What is the most popular Oil Futures Contract?
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Crude Oil, as an energy asset is one of the most popular futures contract for traders. It is one of the most volatile of energy futures contract and in terms of volume, oil futures contracts stand head and shoulders above the rest. The only nearest contract that comes close to Crude oil is natural gas futures contracts.
Crude oil futures are standardized exchange traded contracts with a specific quantity of 1000 barrels and comes with monthly expiring contracts. Because oil is one of the most essential commodities which eventually has control over inflation or consumer prices and the volatility that comes with the developing geo-political events, speculators trading crude oil futures can take advantage of the volatility and the liquidity that oil futures contracts have to offer.
As a futures trader, you might hear references about Oil futures contract. This looks fine on the surface, but when you look to the futures trading instruments it can get a bit confusing. What do you trade? Do you trade the front month oil futures contract or the later months? Why not just trade an oil futures contract that expires in 6 months? Or if you dig deeper, you will find two oil contracts, one from CME Futures and the other from the ICE Futures. And if you fancy some more confusion, Oil is a term that is vague for traders. When someone talks about oil, are they referring to the West Texas Intermediary (WTI) or Brent oil?
So what gives?
In this article, you will learn about the most popular oil futures contract, the benefits it has to offer you and more importantly, why traders prefer a specific oil futures contract compared to the rest. We also look at the differences between the Brent oil futures and the WTI oil futures.
What is the difference between Brent and WTI Crude Oil?
The two most common forms of Crude oil are Brent and the WTI. Although both come under crude oil category, the sulfur content and the API gravity and other technical details make Brent and WTI two completely different versions of crude oil. Other versions of crude oil include the Arab Light, Basrah blend and so on.
The Brent blend is basically a combination of crude oil produced from 15 different oil fields in the North Sea and is used in making gasoline. The point of delivery for Brent oil is an island, Sullom Voe, north of Scotland. Brent oil is refined in Northwest Europe and forms the major benchmark for crude oil in Europe and Africa. This means that when oil prices are quoted, they are mentioned in relation to Brent oil’s pricing. Sometimes Brent oil is also known as the international price of crude oil.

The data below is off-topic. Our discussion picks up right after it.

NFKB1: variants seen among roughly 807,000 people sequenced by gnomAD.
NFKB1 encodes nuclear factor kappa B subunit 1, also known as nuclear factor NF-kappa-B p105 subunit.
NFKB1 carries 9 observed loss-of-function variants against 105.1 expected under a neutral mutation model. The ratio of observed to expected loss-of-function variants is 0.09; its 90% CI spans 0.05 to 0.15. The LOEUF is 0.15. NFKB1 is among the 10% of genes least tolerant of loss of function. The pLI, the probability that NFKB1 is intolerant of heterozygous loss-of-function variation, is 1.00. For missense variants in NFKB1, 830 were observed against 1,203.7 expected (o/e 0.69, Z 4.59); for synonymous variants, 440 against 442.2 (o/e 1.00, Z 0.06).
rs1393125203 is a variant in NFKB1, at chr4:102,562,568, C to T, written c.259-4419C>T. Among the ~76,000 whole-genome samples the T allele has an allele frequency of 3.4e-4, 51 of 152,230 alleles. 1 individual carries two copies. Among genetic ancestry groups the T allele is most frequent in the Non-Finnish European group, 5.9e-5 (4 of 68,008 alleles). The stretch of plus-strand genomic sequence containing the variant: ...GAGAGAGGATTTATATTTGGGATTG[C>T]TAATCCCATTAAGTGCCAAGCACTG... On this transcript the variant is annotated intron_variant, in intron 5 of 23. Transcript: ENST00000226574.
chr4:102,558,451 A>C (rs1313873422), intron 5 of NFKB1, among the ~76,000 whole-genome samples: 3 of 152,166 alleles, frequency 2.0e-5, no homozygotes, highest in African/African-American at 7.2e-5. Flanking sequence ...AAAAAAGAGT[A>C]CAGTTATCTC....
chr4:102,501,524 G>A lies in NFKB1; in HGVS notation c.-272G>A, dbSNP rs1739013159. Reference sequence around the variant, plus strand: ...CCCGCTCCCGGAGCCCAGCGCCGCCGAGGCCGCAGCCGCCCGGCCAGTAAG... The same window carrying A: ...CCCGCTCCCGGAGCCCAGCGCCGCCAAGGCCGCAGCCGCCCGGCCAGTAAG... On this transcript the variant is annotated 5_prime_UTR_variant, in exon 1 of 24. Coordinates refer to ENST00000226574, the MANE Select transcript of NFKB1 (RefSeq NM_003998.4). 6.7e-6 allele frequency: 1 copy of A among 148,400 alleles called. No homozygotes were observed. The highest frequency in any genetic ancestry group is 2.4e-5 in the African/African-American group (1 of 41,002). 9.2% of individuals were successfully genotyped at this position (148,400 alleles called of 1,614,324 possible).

The WTI blend of crude oil is also known as the Light Sweet Crude oil and is also referred to as Cushing Oil. The point of delivery for WTI Crude oil is Cushing, Oklahoma. When the US Energy and Information Administration (EIA) reports on the weekly crude oil inventory report, the WTI crude oil is used as the basis for the report and focuses primarily on the oil inventory outlook for the United States. Still as one of the biggest consumers of crude oil in the world, the EIA’s report is often known to move the markets.
WTI and Brent crude oil pricing is not the same and this price differential often draws many oil traders to trade the spread or to even build intraday trading strategies on the widening and narrowing spreads between the Brent and WTI crude oil versions. In fact CME group and ICE futures exchanges also have other subsidiary futures trading products such as trading the spreads between Brent and WTI for example.
While Brent and WTI crude oil are the two most popular oil contracts, there are many other versions of crude oil futures contracts which can be traded, but not many of them are as popular as Brent or WTI as these two attract the highest volume and thus liquidity.
|Exchange||Ticker||Expiry||Contract Size||Tick Size||Tick Value|
|CME Group||CL||Jan – Dec||1000 barrels||$10||0.01|
|CME Group||QM||Jan – Dec||1000 barrels||$12.50||0.025|
|CME Group||BZ||Jan – Dec||1000 barrels||$10||0.01|
|ICE||WI||Jan – Dec||1000 barrels||$10||0.01|
|ICE||QA||Jan – Dec||1000 barrels||$10||0.01|
Futures Exchange where Oil contracts are the most popular
In order to understand the types of oil futures contract, we need to start at the very basic, which is the futures exchange where the oil contracts are traded.
While there are many futures exchange, only two exchanges stand out globally and ones that are highly references in the financial media, financial reports and analysis.
To trade oil futures, you can now choose from oil contracts traded at the CME Group or at the Intercontinental Exchange (ICE). You can trade both WTI futures contracts as well as Brent futures contracts. Of course, depending on the exchange where you trade the crude oil futures the ticker changes. But as far as pricing is concerned, the spread is almost negligible which even